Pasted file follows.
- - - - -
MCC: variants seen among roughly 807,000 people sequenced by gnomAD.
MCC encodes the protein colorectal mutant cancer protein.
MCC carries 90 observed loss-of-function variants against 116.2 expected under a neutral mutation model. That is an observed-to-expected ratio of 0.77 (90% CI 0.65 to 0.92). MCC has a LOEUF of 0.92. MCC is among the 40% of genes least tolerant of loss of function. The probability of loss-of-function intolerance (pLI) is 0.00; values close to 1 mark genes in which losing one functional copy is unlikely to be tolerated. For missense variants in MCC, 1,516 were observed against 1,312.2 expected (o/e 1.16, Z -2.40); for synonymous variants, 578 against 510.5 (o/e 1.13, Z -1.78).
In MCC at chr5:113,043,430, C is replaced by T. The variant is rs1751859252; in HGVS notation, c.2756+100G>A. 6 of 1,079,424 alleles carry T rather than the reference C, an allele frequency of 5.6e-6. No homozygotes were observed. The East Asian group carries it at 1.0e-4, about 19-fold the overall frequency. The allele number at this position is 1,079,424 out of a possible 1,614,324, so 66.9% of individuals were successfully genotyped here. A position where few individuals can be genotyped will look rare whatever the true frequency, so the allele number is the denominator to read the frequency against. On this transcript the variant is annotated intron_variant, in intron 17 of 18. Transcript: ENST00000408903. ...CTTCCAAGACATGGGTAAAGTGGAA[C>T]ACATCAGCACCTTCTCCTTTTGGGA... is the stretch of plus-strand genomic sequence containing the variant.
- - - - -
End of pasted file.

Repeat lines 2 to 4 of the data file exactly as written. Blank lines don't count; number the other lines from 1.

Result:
MCC encodes the protein colorectal mutant cancer protein.
MCC carries 90 observed loss-of-function variants against 116.2 expected under a neutral mutation model. That is an observed-to-expected ratio of 0.77 (90% CI 0.65 to 0.92). MCC has a LOEUF of 0.92. MCC is among the 40% of genes least tolerant of loss of function. The probability of loss-of-function intolerance (pLI) is 0.00; values close to 1 mark genes in which losing one functional copy is unlikely to be tolerated. For missense variants in MCC, 1,516 were observed against 1,312.2 expected (o/e 1.16, Z -2.40); for synonymous variants, 578 against 510.5 (o/e 1.13, Z -1.78).
In MCC at chr5:113,043,430, C is replaced by T. The variant is rs1751859252; in HGVS notation, c.2756+100G>A. 6 of 1,079,424 alleles carry T rather than the reference C, an allele frequency of 5.6e-6. No homozygotes were observed. The East Asian group carries it at 1.0e-4, about 19-fold the overall frequency. The allele number at this position is 1,079,424 out of a possible 1,614,324, so 66.9% of individuals were successfully genotyped here. A position where few individuals can be genotyped will look rare whatever the true frequency, so the allele number is the denominator to read the frequency against. On this transcript the variant is annotated intron_variant, in intron 17 of 18. Transcript: ENST00000408903. ...CTTCCAAGACATGGGTAAAGTGGAA[C>T]ACATCAGCACCTTCTCCTTTTGGGA... is the stretch of plus-strand genomic sequence containing the variant.